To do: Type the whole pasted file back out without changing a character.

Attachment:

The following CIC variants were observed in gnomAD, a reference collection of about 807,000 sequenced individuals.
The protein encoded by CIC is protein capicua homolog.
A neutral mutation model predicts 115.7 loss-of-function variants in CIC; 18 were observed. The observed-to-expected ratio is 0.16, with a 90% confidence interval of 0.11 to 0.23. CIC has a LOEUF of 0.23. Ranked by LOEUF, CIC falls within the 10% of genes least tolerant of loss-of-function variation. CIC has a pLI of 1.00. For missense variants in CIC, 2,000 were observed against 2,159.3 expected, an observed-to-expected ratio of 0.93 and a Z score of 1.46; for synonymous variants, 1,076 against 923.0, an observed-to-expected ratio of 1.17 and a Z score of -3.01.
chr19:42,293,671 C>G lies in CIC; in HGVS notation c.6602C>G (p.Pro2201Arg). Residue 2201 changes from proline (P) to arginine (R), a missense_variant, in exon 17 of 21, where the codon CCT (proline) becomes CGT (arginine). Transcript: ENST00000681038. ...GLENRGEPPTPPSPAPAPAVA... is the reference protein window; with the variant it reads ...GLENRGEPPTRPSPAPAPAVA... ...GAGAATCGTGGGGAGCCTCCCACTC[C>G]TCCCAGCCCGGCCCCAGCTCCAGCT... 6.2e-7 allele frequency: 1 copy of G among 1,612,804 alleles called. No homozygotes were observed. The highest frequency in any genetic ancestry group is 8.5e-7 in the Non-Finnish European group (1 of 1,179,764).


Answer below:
The following CIC variants were observed in gnomAD, a reference collection of about 807,000 sequenced individuals.
The protein encoded by CIC is protein capicua homolog.
A neutral mutation model predicts 115.7 loss-of-function variants in CIC; 18 were observed. The observed-to-expected ratio is 0.16, with a 90% confidence interval of 0.11 to 0.23. CIC has a LOEUF of 0.23. Ranked by LOEUF, CIC falls within the 10% of genes least tolerant of loss-of-function variation. CIC has a pLI of 1.00. For missense variants in CIC, 2,000 were observed against 2,159.3 expected, an observed-to-expected ratio of 0.93 and a Z score of 1.46; for synonymous variants, 1,076 against 923.0, an observed-to-expected ratio of 1.17 and a Z score of -3.01.
chr19:42,293,671 C>G lies in CIC; in HGVS notation c.6602C>G (p.Pro2201Arg). Residue 2201 changes from proline (P) to arginine (R), a missense_variant, in exon 17 of 21, where the codon CCT (proline) becomes CGT (arginine). Transcript: ENST00000681038. ...GLENRGEPPTPPSPAPAPAVA... is the reference protein window; with the variant it reads ...GLENRGEPPTRPSPAPAPAVA... ...GAGAATCGTGGGGAGCCTCCCACTC[C>G]TCCCAGCCCGGCCCCAGCTCCAGCT... 6.2e-7 allele frequency: 1 copy of G among 1,612,804 alleles called. No homozygotes were observed. The highest frequency in any genetic ancestry group is 8.5e-7 in the Non-Finnish European group (1 of 1,179,764).